Damon Knight’s massive anthology A Science Fiction Argosy was published in 1972, when I was eight years old. It’s over 800 pages, packed with 24 novellas and short stories plus two complete novels, Theodore Sturgeon’s More Than Human and The Demolished Man by Alfred Bester. It’s one of those big, heavy books I’d often glance at on my bookshelf, thinking “I should really read that. As soon as I finish this game of Solitaire.”
I know Damon Knight mostly as an editor — of the highly acclaimed Orbit series, and dozens of other SF anthologies — but he was also a novelist and short story writer. Late in his career he wrote some exceedingly weird SF novels. Check out the article I published at SF Site in 1997, Jim Seidman’s review of his last novel Humpty Dumpty: An Oval, which centers on a lingerie salesman whose skull is fractured by a stray bullet, and who abruptly finds himself dodging both deadly meteorite storms and the society of dentists that secretly rules the world. Glad Jim read it, as I’m sure he made more sense out of it than I would have.
Damon Knight was also a highly respected critic, famous for his dislike of popular pulp writer A. E. van Vogt (“A pygmy who has learned to operate an overgrown typewriter”), for founding the Science Fiction and Fantasy Writers of America, and co-founding both the Milford Writer’s Workshop and the Clarion Writers Workshop. He was a busy guy.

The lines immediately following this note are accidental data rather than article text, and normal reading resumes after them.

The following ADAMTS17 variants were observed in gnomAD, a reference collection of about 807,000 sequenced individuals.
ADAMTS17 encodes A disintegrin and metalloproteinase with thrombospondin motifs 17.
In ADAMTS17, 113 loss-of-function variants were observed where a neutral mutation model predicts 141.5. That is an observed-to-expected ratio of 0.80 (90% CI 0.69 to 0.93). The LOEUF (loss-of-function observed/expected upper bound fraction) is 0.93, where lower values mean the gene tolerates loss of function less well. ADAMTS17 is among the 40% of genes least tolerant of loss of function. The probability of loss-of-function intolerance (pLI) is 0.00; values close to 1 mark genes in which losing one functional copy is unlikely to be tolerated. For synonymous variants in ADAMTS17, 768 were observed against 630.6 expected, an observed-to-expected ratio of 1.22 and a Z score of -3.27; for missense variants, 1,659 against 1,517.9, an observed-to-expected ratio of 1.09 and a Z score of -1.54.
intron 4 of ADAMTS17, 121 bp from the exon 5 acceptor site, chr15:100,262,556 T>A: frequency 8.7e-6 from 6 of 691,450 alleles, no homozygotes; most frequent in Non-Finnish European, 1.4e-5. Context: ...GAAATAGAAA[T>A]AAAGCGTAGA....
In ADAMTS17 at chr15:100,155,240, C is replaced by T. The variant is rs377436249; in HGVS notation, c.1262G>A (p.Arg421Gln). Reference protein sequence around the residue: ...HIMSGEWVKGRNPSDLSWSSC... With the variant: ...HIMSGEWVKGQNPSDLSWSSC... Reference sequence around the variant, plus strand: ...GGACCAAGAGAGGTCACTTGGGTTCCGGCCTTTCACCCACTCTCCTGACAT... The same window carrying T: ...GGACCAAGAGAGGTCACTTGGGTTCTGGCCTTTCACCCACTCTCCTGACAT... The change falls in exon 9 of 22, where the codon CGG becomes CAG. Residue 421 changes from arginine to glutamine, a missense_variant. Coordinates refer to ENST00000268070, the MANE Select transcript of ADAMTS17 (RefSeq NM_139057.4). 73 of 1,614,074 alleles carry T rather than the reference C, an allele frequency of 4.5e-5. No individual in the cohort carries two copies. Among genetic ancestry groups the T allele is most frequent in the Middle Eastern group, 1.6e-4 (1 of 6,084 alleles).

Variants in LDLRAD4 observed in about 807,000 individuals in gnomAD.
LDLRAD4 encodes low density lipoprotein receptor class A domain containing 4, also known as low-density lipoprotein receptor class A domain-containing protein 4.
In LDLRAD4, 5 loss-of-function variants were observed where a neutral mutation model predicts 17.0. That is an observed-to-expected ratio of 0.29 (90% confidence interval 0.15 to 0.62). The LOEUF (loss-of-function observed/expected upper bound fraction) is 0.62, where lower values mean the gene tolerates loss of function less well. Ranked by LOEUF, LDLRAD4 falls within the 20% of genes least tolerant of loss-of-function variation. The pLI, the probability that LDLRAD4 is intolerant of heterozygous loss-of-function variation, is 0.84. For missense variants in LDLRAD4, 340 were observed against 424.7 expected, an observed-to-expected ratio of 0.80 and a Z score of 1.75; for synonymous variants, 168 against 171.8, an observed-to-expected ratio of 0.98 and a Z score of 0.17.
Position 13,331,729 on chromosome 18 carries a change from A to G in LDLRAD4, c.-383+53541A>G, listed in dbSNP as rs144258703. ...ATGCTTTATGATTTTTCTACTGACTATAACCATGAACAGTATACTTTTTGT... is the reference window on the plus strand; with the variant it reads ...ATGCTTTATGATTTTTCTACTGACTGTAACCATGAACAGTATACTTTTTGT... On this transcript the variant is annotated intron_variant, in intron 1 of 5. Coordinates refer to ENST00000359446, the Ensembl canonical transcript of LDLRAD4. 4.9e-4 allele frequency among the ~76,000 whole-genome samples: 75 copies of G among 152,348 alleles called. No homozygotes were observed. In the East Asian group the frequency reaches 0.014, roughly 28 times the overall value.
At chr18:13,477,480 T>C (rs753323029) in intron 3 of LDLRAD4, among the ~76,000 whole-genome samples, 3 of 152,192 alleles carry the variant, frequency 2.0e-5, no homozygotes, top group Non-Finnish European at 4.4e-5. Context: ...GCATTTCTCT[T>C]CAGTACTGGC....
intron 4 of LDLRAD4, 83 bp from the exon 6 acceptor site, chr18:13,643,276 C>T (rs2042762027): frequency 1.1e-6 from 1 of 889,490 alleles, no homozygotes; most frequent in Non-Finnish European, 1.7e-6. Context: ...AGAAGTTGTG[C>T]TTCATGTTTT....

I finally started reading A Science Fiction Argosy this morning (after blowing nearly four decades of dust off it). And you know what? It’s pretty good. I was particularly charmed by Knight’s introduction, which can be nicely encapsulated with its first and last sentences:
Some few years ago, when I was only teen-aged science fiction addict in Hood River, Oregon, I prowled the stacks of the local library… like a pornographer looking for pornography, I ferreted out science fiction… but I never got enough…
This is the kind of big meaty selection I wish someone had given me when I was a teen-aged science fiction addict in Hood River, Oregon.
That may be the most honest intro I’ve ever read, and it explains a good deal about what Knight was trying to accomplish with A Science Fiction Argosy — and indeed, perhaps, his entire life as a critic and highly vocal advocate for science fiction. The first story, John Collier’s “Green Thoughts,” is from 1931, but the anthology quickly leaps forward (skipping nearly the entire pulp era) to 1949 for the second, Isaac Asimov’s talky SF puzzler, “The Red Queen’s Race.” Henry Kuttner and C.L. Moore’s “The Cure” is even better, a dark and twisted fantasy of a New York lawyer trying to understand an oddly recurring hallucination of suffocation.
That puts me barely 50 pages in. I’m tempted to stop here and write a review, but Knight the critic would not be impressed. So I’ll reserve final judgment until I turn a lot more pages. In the meantime, consider this un-critical word of advice: find your own copy, and don’t wait as long as I did to crack it open.